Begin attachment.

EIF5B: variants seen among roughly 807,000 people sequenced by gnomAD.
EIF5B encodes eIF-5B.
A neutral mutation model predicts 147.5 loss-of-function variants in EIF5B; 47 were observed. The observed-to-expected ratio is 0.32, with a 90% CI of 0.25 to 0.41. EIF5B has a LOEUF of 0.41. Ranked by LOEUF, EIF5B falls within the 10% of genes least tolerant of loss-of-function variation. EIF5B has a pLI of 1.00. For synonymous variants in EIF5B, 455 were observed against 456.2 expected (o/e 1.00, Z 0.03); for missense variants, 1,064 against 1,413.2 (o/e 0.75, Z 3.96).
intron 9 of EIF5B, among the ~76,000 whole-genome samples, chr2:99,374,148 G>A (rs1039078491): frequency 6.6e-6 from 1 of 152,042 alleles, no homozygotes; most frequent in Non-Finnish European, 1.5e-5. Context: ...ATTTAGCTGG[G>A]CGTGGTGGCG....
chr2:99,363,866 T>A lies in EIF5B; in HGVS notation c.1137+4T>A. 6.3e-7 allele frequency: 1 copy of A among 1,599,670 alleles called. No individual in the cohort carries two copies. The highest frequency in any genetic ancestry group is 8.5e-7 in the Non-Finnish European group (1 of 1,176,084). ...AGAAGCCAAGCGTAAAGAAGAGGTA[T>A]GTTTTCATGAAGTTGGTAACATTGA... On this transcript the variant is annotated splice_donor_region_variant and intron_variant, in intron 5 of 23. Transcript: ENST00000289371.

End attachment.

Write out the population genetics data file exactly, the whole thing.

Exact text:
EIF5B: variants seen among roughly 807,000 people sequenced by gnomAD.
EIF5B encodes eIF-5B.
A neutral mutation model predicts 147.5 loss-of-function variants in EIF5B; 47 were observed. The observed-to-expected ratio is 0.32, with a 90% CI of 0.25 to 0.41. EIF5B has a LOEUF of 0.41. Ranked by LOEUF, EIF5B falls within the 10% of genes least tolerant of loss-of-function variation. EIF5B has a pLI of 1.00. For synonymous variants in EIF5B, 455 were observed against 456.2 expected (o/e 1.00, Z 0.03); for missense variants, 1,064 against 1,413.2 (o/e 0.75, Z 3.96).
intron 9 of EIF5B, among the ~76,000 whole-genome samples, chr2:99,374,148 G>A (rs1039078491): frequency 6.6e-6 from 1 of 152,042 alleles, no homozygotes; most frequent in Non-Finnish European, 1.5e-5. Context: ...ATTTAGCTGG[G>A]CGTGGTGGCG....
chr2:99,363,866 T>A lies in EIF5B; in HGVS notation c.1137+4T>A. 6.3e-7 allele frequency: 1 copy of A among 1,599,670 alleles called. No individual in the cohort carries two copies. The highest frequency in any genetic ancestry group is 8.5e-7 in the Non-Finnish European group (1 of 1,176,084). ...AGAAGCCAAGCGTAAAGAAGAGGTA[T>A]GTTTTCATGAAGTTGGTAACATTGA... On this transcript the variant is annotated splice_donor_region_variant and intron_variant, in intron 5 of 23. Transcript: ENST00000289371.